A Time for Reflection

ddd-bannerThere are times when I finish reading a book that I take a moment to reflect on what I have read: how would I have reacted in that situation? What would have caused the character to react in that way? How can I implement what I have learned in my own life.

Reflection is what I find I am doing as I am nearing the end of the current book I am reading: The Language of Art by Ann Pelo. I find myself thinking about how I can change my teaching practice to incorporate the ideas I have read in the book. While reading the book, I gained, as well, a glimmer of understanding of how to implement the inquiry-based learning that the Ontario Ministry of Education wants us to implement in our classrooms. I have seen, through the example that Pelo gives, that it is possible for the children to learn academic knowledge through play and from the questions they ask that stems from their natural curiosity. The example she gives starts with the curiosity of a group of children who ask “Why do leaves change colour?” By the end of the school year, they realise that the change is based on seasonal temperatures; and they have discovered the life cycle of the leaf.

For me, reflection is a part of reading: whether I am reading fiction or non-fiction. Often it happens while I am reading the text; but it also happens once I have read the last page.

Do you take time to reflect on what you have read?

Five Minute Friday(This post was written for the Dreamy December Days Read-a-thon; and inspired by the Five Minute Friday prompt)

© Colline Kook-Chun, 2013

22 thoughts on “A Time for Reflection

  1. So often I finish a book and can’t shake it off of my heart. I feel the characters deeply and not only reflect, but their memory is so alive I feel as though I have made new friends that I have just lost. Great post!


    1. I have felt that too with fiction novels that have told the stories of characters I have felt a connection with. It is always a sad thing when I read the last page and put away the book.


    1. I have found that is what I need to do in order to be a good teacher. I looking at myself and my practices, I can help more children enjoy their learning experience.


  2. It depends on the book, but mostly, I do. There are some books that it takes me a long time to read because I spend a lot of time reflecting before continuing to read. 🙂


    1. Now that I have been experimenting with writing, I have found that I also think on the way something was written or expressed. It certainly gives another dimension to any story that you are reading.


    1. I am currently teaching Senior Kindergarten in French Immersion. My students cannot read French yet ( it is their first year) and respond only to books that I have read to them. I am currently teaching them reading strategies and respond to questions centred around these strategies.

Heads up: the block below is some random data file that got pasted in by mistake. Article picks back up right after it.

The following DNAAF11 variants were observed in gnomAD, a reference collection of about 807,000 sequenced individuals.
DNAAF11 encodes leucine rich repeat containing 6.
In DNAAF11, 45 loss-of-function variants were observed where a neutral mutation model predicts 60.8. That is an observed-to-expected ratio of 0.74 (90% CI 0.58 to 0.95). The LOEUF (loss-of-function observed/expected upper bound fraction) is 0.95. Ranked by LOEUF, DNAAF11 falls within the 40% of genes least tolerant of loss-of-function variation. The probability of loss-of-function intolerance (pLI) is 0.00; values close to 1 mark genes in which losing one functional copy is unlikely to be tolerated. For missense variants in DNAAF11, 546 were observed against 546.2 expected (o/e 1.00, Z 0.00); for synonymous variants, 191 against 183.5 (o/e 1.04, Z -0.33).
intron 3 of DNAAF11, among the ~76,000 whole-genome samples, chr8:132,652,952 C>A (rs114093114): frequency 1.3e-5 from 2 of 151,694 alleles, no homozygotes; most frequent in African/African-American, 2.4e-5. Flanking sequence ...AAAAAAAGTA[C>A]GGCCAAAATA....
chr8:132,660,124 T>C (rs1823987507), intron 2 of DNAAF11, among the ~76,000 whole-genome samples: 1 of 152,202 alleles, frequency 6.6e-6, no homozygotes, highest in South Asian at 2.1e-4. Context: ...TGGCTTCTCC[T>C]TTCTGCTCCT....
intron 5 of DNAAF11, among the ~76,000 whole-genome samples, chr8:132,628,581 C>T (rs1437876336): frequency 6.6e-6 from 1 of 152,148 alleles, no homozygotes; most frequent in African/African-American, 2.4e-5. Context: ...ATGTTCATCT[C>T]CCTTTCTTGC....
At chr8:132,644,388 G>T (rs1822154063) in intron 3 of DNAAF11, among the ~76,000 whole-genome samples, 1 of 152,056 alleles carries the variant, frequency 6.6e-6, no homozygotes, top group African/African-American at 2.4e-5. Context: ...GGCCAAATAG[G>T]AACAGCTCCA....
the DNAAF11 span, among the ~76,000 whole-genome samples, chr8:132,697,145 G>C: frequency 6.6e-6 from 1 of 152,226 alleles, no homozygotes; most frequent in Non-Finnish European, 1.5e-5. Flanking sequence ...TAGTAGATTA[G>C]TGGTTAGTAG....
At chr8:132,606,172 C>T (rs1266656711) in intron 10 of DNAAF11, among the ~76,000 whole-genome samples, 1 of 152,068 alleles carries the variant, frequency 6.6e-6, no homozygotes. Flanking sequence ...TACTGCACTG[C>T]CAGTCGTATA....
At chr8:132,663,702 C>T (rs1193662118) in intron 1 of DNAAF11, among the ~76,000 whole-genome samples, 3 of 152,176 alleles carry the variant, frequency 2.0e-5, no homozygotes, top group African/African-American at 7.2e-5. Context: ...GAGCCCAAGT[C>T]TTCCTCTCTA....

3. When I was no longer a student nor a teacher, I must admit that I returned to my original love — mystery novels. There are some authors that I follow — each new book in the series is an exciting moment. Scanning the shelves of a brick and mortar (as they say) Barnes and Nobles for the names I know so well.
    I do reflect on these books (I have some mystery stories written more in my head than on paper), the ones that make me think, puzzle, critique (I like some of the historical mysteries, and I must admit the historian in me comes out), and savour.
    I think the inquiry way of learning is interesting. It is like writing a thesis — posing a question, researching the answer, and then presenting it. Whether you are 6, 26, 36, a postulation can take you worlds away or ground you in this one.


    1. I enjoy a good mystery too Phylor. Especially those that have many unexpected twists and make you think hard on the nature of human beings.
      I am still getting around how to do inquiries with the 5 year olds I teach. I think if I could do it in English it would be easier but I am expected to do this in French – a language which they do not know. I am sure that once something clicks in my head, it will be a lot easier for me.


  4. PS: I also scan the new book shelves of my library. The tag “mystery” attached to a book is a flag to find an old favourite, or a new one.
    I don’t know if I should mention it, but there were several mystery books that hadn’t been tagged (recognized the name or the title revealed the genre). Perhaps they ran out of tags?


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